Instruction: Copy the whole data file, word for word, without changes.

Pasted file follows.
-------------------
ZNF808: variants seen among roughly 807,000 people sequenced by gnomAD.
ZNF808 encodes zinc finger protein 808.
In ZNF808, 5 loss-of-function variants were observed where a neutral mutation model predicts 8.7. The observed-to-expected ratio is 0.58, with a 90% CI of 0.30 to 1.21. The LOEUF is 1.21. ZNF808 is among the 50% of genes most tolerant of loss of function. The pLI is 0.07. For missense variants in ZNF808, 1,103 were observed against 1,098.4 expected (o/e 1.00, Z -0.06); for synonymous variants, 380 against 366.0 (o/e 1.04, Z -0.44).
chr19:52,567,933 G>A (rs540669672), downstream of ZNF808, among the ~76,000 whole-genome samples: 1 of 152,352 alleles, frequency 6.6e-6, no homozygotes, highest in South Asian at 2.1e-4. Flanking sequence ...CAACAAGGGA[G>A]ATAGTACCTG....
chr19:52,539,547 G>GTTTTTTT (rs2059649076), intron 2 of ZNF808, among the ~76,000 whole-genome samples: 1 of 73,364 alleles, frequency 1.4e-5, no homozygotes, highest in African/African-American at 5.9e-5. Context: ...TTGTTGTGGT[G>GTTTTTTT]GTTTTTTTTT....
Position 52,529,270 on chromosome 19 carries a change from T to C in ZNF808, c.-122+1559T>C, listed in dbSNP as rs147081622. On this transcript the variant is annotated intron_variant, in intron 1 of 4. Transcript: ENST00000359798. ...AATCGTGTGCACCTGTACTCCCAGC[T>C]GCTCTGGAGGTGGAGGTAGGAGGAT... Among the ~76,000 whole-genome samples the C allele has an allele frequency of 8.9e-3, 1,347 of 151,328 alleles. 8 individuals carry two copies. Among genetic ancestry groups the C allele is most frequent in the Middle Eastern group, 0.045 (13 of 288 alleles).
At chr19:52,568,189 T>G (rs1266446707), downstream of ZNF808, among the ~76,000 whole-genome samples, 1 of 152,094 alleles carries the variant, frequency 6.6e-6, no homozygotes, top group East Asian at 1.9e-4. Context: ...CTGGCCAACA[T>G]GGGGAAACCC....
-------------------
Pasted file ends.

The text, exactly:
ZNF808: variants seen among roughly 807,000 people sequenced by gnomAD.
ZNF808 encodes zinc finger protein 808.
In ZNF808, 5 loss-of-function variants were observed where a neutral mutation model predicts 8.7. The observed-to-expected ratio is 0.58, with a 90% CI of 0.30 to 1.21. The LOEUF is 1.21. ZNF808 is among the 50% of genes most tolerant of loss of function. The pLI is 0.07. For missense variants in ZNF808, 1,103 were observed against 1,098.4 expected (o/e 1.00, Z -0.06); for synonymous variants, 380 against 366.0 (o/e 1.04, Z -0.44).
chr19:52,567,933 G>A (rs540669672), downstream of ZNF808, among the ~76,000 whole-genome samples: 1 of 152,352 alleles, frequency 6.6e-6, no homozygotes, highest in South Asian at 2.1e-4. Flanking sequence ...CAACAAGGGA[G>A]ATAGTACCTG....
chr19:52,539,547 G>GTTTTTTT (rs2059649076), intron 2 of ZNF808, among the ~76,000 whole-genome samples: 1 of 73,364 alleles, frequency 1.4e-5, no homozygotes, highest in African/African-American at 5.9e-5. Context: ...TTGTTGTGGT[G>GTTTTTTT]GTTTTTTTTT....
Position 52,529,270 on chromosome 19 carries a change from T to C in ZNF808, c.-122+1559T>C, listed in dbSNP as rs147081622. On this transcript the variant is annotated intron_variant, in intron 1 of 4. Transcript: ENST00000359798. ...AATCGTGTGCACCTGTACTCCCAGC[T>C]GCTCTGGAGGTGGAGGTAGGAGGAT... Among the ~76,000 whole-genome samples the C allele has an allele frequency of 8.9e-3, 1,347 of 151,328 alleles. 8 individuals carry two copies. Among genetic ancestry groups the C allele is most frequent in the Middle Eastern group, 0.045 (13 of 288 alleles).
At chr19:52,568,189 T>G (rs1266446707), downstream of ZNF808, among the ~76,000 whole-genome samples, 1 of 152,094 alleles carries the variant, frequency 6.6e-6, no homozygotes, top group East Asian at 1.9e-4. Context: ...CTGGCCAACA[T>G]GGGGAAACCC....